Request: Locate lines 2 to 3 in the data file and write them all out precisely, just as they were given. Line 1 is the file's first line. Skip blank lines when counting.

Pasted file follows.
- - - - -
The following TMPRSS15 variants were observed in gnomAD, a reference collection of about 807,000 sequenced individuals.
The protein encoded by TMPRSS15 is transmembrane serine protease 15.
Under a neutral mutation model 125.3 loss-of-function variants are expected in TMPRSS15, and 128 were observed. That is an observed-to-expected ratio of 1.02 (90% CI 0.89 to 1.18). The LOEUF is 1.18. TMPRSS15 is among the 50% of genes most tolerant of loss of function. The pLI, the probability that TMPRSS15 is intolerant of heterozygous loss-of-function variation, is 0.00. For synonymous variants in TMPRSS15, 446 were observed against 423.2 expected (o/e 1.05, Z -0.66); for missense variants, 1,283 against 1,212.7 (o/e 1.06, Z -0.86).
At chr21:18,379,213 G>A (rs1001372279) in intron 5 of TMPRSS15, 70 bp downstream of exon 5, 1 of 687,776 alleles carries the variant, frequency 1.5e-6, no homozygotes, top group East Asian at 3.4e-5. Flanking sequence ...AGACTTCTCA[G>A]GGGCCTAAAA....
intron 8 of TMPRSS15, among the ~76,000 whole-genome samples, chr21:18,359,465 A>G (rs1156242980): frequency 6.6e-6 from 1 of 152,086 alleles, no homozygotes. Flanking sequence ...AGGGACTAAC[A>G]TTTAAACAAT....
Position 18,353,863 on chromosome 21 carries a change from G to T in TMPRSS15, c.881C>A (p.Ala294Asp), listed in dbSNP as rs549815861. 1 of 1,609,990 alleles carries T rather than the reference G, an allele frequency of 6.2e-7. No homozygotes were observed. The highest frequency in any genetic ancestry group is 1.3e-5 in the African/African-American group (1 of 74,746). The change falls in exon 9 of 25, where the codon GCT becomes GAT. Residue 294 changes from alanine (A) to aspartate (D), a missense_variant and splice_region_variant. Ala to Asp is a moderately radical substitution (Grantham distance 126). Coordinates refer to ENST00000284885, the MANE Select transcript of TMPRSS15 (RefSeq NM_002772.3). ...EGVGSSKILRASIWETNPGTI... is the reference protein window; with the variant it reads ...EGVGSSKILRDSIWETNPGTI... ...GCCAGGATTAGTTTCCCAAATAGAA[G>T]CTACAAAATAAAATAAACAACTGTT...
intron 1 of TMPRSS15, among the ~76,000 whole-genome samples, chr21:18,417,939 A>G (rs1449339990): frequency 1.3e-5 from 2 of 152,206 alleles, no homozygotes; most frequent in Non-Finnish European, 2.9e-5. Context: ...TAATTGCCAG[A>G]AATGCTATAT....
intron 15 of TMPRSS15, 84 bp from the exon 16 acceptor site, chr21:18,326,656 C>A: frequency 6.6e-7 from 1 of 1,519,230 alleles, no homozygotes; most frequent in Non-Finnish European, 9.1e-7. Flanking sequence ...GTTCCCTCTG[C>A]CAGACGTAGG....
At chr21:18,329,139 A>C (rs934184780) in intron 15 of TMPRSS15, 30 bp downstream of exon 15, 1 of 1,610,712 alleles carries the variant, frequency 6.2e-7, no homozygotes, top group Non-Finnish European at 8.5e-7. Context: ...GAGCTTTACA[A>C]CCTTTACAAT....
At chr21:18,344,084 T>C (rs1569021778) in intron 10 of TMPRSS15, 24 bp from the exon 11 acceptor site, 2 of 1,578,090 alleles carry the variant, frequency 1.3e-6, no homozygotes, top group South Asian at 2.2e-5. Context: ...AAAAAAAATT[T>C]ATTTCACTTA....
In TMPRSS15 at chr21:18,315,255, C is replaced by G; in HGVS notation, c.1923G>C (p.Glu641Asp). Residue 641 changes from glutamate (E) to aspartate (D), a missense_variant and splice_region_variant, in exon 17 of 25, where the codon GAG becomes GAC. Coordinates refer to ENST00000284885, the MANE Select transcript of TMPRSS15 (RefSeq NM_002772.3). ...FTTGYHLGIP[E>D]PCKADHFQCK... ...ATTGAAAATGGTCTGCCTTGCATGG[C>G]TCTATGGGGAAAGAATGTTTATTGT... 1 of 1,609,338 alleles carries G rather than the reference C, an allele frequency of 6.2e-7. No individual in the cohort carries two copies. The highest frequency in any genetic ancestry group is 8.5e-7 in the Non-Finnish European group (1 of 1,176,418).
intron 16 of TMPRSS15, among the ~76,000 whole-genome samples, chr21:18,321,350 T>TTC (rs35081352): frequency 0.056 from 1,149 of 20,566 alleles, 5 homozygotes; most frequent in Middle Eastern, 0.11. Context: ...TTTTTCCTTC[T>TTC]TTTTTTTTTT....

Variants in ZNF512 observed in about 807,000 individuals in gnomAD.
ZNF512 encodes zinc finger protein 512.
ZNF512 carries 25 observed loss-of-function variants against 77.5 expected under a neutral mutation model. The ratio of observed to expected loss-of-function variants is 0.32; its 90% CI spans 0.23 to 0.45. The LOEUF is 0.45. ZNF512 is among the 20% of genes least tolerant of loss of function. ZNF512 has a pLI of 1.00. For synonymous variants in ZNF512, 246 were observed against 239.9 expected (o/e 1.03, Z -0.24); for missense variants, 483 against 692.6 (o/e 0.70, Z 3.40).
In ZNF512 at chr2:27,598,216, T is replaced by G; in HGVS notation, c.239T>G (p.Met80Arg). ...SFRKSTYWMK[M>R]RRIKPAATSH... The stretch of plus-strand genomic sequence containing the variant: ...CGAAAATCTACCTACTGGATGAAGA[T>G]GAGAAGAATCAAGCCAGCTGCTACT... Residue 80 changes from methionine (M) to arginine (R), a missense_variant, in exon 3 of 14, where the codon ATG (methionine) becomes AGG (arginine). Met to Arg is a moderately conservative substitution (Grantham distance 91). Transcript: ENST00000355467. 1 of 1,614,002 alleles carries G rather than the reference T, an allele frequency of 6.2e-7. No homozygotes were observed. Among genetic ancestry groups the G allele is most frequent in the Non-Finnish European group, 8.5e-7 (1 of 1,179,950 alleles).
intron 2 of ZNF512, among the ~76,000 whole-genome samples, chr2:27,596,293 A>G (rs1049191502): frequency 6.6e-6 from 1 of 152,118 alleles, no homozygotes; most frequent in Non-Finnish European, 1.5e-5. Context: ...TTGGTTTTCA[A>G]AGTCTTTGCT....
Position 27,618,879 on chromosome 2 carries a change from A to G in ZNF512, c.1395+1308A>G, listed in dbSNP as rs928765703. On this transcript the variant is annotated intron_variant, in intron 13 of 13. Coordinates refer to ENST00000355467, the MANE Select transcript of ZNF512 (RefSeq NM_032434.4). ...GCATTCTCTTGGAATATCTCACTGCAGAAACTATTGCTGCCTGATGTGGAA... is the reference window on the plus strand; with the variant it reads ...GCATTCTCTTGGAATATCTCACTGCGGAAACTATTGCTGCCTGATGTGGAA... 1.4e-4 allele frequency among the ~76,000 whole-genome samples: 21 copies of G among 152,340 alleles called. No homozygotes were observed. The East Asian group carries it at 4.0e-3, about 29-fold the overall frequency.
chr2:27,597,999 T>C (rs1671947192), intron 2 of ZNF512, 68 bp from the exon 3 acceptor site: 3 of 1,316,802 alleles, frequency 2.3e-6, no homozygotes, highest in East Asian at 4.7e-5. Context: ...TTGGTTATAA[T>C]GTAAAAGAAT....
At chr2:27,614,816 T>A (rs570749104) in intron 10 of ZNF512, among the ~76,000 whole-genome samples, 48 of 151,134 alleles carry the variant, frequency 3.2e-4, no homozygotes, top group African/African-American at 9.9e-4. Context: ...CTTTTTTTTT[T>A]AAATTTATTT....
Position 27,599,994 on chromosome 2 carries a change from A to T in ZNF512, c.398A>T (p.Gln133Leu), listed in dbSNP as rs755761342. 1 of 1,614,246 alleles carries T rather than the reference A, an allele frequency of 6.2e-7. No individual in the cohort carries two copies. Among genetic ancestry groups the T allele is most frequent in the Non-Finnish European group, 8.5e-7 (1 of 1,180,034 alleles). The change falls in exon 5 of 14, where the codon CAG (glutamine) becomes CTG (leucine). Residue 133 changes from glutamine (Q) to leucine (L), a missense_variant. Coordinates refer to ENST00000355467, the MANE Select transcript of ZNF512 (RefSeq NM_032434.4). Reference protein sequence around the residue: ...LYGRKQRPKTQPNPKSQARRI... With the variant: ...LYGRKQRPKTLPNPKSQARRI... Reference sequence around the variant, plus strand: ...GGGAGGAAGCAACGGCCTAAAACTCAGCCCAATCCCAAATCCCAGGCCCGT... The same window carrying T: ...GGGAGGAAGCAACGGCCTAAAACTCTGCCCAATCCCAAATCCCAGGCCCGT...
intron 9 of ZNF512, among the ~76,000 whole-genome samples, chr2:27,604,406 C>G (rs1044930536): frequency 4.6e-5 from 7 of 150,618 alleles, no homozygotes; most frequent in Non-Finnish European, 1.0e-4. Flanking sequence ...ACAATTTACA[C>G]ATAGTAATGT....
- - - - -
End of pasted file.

The protein encoded by TMPRSS15 is transmembrane serine protease 15.
Under a neutral mutation model 125.3 loss-of-function variants are expected in TMPRSS15, and 128 were observed. That is an observed-to-expected ratio of 1.02 (90% CI 0.89 to 1.18). The LOEUF is 1.18. TMPRSS15 is among the 50% of genes most tolerant of loss of function. The pLI, the probability that TMPRSS15 is intolerant of heterozygous loss-of-function variation, is 0.00. For synonymous variants in TMPRSS15, 446 were observed against 423.2 expected (o/e 1.05, Z -0.66); for missense variants, 1,283 against 1,212.7 (o/e 1.06, Z -0.86).